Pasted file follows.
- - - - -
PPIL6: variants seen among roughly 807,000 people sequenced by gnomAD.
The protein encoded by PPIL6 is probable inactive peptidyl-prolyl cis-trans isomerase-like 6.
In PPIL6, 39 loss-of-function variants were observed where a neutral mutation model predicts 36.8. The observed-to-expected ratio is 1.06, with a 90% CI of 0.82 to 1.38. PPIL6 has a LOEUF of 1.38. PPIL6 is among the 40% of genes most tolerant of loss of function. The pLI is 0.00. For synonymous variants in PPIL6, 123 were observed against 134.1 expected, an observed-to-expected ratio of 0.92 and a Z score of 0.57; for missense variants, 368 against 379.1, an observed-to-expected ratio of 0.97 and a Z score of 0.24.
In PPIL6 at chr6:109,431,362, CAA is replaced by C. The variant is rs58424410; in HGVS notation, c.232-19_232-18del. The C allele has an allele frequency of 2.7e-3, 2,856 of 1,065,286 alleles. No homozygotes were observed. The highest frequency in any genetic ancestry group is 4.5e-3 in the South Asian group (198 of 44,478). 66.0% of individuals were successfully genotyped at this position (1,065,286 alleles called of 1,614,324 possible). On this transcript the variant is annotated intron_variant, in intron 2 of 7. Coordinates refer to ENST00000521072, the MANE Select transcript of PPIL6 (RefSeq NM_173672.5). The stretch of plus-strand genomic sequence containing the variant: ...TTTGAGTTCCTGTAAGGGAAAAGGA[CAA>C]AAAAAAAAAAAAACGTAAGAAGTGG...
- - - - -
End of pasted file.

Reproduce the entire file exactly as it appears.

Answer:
PPIL6: variants seen among roughly 807,000 people sequenced by gnomAD.
The protein encoded by PPIL6 is probable inactive peptidyl-prolyl cis-trans isomerase-like 6.
In PPIL6, 39 loss-of-function variants were observed where a neutral mutation model predicts 36.8. The observed-to-expected ratio is 1.06, with a 90% CI of 0.82 to 1.38. PPIL6 has a LOEUF of 1.38. PPIL6 is among the 40% of genes most tolerant of loss of function. The pLI is 0.00. For synonymous variants in PPIL6, 123 were observed against 134.1 expected, an observed-to-expected ratio of 0.92 and a Z score of 0.57; for missense variants, 368 against 379.1, an observed-to-expected ratio of 0.97 and a Z score of 0.24.
In PPIL6 at chr6:109,431,362, CAA is replaced by C. The variant is rs58424410; in HGVS notation, c.232-19_232-18del. The C allele has an allele frequency of 2.7e-3, 2,856 of 1,065,286 alleles. No homozygotes were observed. The highest frequency in any genetic ancestry group is 4.5e-3 in the South Asian group (198 of 44,478). 66.0% of individuals were successfully genotyped at this position (1,065,286 alleles called of 1,614,324 possible). On this transcript the variant is annotated intron_variant, in intron 2 of 7. Coordinates refer to ENST00000521072, the MANE Select transcript of PPIL6 (RefSeq NM_173672.5). The stretch of plus-strand genomic sequence containing the variant: ...TTTGAGTTCCTGTAAGGGAAAAGGA[CAA>C]AAAAAAAAAAAAACGTAAGAAGTGG...